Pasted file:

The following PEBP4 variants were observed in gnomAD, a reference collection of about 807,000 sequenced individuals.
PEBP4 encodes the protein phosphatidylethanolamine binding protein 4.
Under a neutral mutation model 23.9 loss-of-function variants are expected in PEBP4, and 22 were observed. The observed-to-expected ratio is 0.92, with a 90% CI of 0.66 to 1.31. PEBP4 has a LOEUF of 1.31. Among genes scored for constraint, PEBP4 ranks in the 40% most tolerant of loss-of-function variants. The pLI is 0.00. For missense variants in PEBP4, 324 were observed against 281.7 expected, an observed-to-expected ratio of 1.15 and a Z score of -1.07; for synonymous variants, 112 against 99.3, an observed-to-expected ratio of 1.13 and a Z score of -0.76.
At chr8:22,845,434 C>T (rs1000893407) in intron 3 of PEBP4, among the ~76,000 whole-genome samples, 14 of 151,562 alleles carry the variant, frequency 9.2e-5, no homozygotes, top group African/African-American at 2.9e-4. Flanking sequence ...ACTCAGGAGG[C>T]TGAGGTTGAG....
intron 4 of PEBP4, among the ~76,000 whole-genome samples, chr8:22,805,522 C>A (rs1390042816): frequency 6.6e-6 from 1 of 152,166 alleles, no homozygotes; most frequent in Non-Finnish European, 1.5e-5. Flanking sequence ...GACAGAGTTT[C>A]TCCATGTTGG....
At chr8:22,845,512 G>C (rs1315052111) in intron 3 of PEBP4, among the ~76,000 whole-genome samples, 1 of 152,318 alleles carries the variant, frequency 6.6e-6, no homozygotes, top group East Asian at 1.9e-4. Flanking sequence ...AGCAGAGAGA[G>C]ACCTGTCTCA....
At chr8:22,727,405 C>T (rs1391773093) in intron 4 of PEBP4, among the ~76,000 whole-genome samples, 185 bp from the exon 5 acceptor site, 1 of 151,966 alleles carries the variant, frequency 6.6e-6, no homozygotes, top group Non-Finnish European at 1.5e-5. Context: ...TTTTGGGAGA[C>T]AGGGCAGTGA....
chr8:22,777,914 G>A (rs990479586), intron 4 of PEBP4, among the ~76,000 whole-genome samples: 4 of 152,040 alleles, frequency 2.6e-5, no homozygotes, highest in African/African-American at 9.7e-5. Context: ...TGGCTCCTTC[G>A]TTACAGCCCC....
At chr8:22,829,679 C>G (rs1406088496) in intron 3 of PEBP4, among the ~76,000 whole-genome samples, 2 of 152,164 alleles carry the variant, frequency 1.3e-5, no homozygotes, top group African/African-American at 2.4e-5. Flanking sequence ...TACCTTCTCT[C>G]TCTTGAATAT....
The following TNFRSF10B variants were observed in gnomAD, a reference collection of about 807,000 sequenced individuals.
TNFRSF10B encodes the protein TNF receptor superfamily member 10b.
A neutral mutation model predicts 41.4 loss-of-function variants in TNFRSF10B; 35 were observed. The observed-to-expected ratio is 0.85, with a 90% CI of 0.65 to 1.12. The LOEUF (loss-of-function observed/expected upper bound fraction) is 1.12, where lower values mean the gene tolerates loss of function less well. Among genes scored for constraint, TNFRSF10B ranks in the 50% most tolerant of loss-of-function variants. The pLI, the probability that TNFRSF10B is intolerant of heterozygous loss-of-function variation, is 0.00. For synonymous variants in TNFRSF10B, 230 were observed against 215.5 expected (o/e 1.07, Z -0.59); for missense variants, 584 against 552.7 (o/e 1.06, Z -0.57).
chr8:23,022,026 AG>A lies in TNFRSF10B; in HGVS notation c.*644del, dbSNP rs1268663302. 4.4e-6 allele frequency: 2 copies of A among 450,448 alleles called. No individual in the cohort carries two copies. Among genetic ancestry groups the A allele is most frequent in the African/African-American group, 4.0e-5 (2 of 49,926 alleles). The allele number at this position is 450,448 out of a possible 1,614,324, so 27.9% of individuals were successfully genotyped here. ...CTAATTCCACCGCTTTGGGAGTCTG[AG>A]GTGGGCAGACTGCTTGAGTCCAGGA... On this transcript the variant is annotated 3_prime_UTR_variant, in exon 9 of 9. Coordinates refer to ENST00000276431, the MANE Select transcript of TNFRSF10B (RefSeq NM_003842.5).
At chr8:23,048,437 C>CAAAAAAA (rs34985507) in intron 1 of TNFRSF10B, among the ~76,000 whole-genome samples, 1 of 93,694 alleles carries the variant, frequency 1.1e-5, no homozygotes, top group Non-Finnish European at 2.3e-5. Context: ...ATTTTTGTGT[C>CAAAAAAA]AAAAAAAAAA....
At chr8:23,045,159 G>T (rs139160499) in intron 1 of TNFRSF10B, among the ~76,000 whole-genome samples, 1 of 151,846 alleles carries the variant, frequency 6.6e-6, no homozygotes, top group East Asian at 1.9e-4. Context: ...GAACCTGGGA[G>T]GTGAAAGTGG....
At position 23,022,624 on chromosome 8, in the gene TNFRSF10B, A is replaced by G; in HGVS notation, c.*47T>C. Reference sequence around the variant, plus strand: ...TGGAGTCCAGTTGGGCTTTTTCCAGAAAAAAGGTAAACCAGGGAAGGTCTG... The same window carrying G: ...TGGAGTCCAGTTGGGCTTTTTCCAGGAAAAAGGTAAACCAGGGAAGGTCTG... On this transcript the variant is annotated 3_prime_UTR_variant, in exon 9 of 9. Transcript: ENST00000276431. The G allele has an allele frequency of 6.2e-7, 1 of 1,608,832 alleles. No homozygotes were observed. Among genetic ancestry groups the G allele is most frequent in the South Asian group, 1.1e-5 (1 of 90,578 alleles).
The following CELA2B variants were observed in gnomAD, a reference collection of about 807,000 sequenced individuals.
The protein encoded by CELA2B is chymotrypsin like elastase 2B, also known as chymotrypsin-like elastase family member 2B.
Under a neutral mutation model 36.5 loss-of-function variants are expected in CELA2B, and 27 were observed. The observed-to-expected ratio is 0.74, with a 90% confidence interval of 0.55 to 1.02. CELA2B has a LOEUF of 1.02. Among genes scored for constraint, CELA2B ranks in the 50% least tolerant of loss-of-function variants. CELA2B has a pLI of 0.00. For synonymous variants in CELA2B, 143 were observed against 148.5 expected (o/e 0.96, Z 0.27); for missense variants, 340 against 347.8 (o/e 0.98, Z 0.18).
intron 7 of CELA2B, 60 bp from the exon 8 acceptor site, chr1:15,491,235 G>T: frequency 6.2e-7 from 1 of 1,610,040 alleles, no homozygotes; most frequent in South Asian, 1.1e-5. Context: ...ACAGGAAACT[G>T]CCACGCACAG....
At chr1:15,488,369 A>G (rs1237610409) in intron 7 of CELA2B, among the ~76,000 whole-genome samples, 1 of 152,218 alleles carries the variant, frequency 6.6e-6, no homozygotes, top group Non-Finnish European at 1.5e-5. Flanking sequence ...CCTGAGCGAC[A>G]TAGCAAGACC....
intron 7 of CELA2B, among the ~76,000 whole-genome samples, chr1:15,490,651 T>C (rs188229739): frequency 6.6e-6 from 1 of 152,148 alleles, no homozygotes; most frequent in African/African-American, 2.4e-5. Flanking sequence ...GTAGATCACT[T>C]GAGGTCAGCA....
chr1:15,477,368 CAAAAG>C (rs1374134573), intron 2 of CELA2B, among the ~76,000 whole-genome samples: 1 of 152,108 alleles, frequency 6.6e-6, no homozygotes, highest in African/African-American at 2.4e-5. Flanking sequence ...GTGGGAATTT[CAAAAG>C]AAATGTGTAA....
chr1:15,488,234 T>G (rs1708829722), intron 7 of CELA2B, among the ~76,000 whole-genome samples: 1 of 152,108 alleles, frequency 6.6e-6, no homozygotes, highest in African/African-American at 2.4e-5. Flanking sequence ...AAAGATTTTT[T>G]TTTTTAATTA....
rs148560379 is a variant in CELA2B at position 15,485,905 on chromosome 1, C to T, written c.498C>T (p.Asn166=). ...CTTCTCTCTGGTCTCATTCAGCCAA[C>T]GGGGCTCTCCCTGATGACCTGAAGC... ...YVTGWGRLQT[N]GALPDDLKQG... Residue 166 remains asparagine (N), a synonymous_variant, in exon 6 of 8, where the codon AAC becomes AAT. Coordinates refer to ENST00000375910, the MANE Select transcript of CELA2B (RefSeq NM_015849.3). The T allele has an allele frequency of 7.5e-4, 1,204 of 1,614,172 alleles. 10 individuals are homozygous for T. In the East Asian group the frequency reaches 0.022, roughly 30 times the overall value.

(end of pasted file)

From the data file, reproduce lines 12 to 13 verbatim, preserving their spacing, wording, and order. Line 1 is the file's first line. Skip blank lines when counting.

A neutral mutation model predicts 41.4 loss-of-function variants in TNFRSF10B; 35 were observed. The observed-to-expected ratio is 0.85, with a 90% CI of 0.65 to 1.12. The LOEUF (loss-of-function observed/expected upper bound fraction) is 1.12, where lower values mean the gene tolerates loss of function less well. Among genes scored for constraint, TNFRSF10B ranks in the 50% most tolerant of loss-of-function variants. The pLI, the probability that TNFRSF10B is intolerant of heterozygous loss-of-function variation, is 0.00. For synonymous variants in TNFRSF10B, 230 were observed against 215.5 expected (o/e 1.07, Z -0.59); for missense variants, 584 against 552.7 (o/e 1.06, Z -0.57).
chr8:23,022,026 AG>A lies in TNFRSF10B; in HGVS notation c.*644del, dbSNP rs1268663302. 4.4e-6 allele frequency: 2 copies of A among 450,448 alleles called. No individual in the cohort carries two copies. Among genetic ancestry groups the A allele is most frequent in the African/African-American group, 4.0e-5 (2 of 49,926 alleles). The allele number at this position is 450,448 out of a possible 1,614,324, so 27.9% of individuals were successfully genotyped here. ...CTAATTCCACCGCTTTGGGAGTCTG[AG>A]GTGGGCAGACTGCTTGAGTCCAGGA... On this transcript the variant is annotated 3_prime_UTR_variant, in exon 9 of 9. Coordinates refer to ENST00000276431, the MANE Select transcript of TNFRSF10B (RefSeq NM_003842.5).